why wouldn't I allow users to upload CHM files to SharePoint? RRS feed

  • Question

  • A user wants to upload a CHM file to our SharePoint site but it blocked by default. I know I can unblock it and I know how to do it. Before I unblock I would like to know why it was on the blocked list to begin with. Is there a risk or security vulnerability to having them in SharePoint? In other words why wouldn't I allow users to upload CHM files to SharePoint?

    Thursday, December 20, 2012 3:30 PM


  • To answer this, we need to look at what a CHM file is and why it's a possible risk.

    CHM files are Microsoft's Compiled HTML Help files, created back in the day for Windows 98. They were a way to allow help file authors create a richer help file (colours, links, pictures) than what was available with the old .hlp files. To do this, an author would create HTML pages and run a tool that would package these into a binary file -- the .CHM file itself (I'm summarizing out the details).

    With that, we see the clue as to why the file is blocked by default in SharePoint (and Outlook and other applications as well). A CHM file is a binary file that can be executed on your machine. 

    It was a different time when the CHM file format was created back in the mid 1990s. Back then Windows had the concept of users, but every user on the computer was an administrator and could run anything on the computer (technically the concept of Administrators didn't really exist since every user could run every executable). This made CHM files a popular delivery mechanism for distributing viruses, trojans, and other malware.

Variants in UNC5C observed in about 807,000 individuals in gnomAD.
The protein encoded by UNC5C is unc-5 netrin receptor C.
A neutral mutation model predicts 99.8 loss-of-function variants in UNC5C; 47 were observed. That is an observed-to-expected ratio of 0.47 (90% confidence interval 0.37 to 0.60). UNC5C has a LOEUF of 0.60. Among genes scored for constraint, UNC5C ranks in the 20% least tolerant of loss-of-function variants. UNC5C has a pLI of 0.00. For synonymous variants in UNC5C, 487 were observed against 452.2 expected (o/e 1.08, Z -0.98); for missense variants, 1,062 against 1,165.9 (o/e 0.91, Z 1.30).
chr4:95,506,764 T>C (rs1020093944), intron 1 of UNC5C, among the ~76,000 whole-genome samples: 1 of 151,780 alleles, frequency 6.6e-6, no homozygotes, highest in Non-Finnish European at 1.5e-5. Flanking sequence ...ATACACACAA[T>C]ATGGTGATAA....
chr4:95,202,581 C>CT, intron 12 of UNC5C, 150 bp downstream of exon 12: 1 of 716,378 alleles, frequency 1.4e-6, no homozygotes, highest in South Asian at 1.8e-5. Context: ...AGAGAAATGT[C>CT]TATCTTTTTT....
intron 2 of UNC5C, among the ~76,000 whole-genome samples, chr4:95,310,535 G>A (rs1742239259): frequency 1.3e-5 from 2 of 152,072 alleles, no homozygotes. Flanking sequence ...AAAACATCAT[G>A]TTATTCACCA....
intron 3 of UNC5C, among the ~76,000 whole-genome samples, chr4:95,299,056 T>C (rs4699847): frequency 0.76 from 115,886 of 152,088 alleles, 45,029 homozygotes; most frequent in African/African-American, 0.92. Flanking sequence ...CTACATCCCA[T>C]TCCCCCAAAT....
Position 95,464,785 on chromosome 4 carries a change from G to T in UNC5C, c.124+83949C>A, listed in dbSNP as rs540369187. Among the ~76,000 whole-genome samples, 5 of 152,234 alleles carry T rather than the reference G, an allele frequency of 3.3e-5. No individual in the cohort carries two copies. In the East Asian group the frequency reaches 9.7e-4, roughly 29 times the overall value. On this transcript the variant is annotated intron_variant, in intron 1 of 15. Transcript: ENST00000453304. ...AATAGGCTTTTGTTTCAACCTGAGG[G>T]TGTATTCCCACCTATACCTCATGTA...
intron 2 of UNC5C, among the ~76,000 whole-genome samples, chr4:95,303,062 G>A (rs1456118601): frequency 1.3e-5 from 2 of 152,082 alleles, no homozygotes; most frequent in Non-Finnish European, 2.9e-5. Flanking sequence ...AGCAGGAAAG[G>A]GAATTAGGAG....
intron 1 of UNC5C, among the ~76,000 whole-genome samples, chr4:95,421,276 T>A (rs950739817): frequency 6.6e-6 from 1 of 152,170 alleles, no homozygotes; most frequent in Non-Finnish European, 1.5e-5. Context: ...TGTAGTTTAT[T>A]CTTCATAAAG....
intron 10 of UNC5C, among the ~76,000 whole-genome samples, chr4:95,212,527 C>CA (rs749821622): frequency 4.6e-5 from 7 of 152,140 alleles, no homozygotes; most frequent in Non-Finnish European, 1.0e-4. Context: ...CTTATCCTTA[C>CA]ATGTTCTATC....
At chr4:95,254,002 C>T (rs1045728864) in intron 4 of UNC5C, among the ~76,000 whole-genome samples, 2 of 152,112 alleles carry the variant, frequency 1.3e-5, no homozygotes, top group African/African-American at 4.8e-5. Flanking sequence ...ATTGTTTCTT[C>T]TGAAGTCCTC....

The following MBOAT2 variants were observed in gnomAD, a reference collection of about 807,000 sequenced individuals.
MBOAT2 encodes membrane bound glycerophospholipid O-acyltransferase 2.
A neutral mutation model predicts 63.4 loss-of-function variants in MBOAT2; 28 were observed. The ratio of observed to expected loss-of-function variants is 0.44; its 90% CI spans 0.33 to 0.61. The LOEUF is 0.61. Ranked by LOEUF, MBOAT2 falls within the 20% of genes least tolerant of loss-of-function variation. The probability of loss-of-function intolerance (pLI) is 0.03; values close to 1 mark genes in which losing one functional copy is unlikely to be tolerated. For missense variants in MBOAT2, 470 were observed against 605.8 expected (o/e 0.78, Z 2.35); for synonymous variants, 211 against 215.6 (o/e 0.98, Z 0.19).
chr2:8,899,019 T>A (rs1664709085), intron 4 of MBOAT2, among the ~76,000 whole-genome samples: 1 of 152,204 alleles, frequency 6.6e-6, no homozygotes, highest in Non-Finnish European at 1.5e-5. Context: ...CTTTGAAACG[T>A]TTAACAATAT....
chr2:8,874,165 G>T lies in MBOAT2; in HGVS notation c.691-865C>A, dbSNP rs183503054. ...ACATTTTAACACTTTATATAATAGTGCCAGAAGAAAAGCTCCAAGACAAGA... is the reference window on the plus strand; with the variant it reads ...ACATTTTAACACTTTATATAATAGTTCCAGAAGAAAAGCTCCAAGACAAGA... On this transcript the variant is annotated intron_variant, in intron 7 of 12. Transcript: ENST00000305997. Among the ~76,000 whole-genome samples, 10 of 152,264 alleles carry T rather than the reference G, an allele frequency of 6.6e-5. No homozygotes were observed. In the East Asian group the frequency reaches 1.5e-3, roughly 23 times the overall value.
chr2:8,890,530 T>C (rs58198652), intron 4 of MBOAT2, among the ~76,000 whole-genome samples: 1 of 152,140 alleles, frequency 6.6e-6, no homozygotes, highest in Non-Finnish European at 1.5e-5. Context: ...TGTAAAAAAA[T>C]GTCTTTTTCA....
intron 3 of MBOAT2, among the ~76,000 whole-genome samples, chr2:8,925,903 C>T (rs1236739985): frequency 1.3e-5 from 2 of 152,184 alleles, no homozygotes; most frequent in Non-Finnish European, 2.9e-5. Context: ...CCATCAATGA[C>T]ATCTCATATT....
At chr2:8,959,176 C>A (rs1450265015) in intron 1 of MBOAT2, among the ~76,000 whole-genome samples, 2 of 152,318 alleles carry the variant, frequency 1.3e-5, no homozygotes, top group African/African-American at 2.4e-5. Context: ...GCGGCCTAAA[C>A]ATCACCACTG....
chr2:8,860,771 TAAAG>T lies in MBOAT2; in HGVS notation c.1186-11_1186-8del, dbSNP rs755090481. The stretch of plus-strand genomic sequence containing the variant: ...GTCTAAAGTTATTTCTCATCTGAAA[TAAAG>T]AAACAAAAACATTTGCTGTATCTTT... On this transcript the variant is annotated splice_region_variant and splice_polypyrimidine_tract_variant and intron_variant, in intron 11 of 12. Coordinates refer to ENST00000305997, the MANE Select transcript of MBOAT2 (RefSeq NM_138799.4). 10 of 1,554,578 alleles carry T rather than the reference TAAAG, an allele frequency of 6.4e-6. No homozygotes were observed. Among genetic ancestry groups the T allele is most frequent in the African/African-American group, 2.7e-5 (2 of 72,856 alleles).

Since then there has been great progress and developments in security and end-user education. In most cases the use of CMH files for documentation has been abandoned for other formats (PDF, HTML, text, Word documents) or mediums (web sites, wikis, knowledge bases, etc). I don't even personally recall the last time I downloaded a CHM file from a software vendor.

    In your case, opening SharePoint to allow CHM files will let this user upload the file. Most users have virus protection on their computers so there is probably little risk in doing this. You could add further protection with a SharePoint-based antivirus solution which will scan files as they are uploaded, downloaded, and periodically on a schedule.

    Jason Warren
    Infrastructure Architect

    Thursday, December 20, 2012 6:12 PM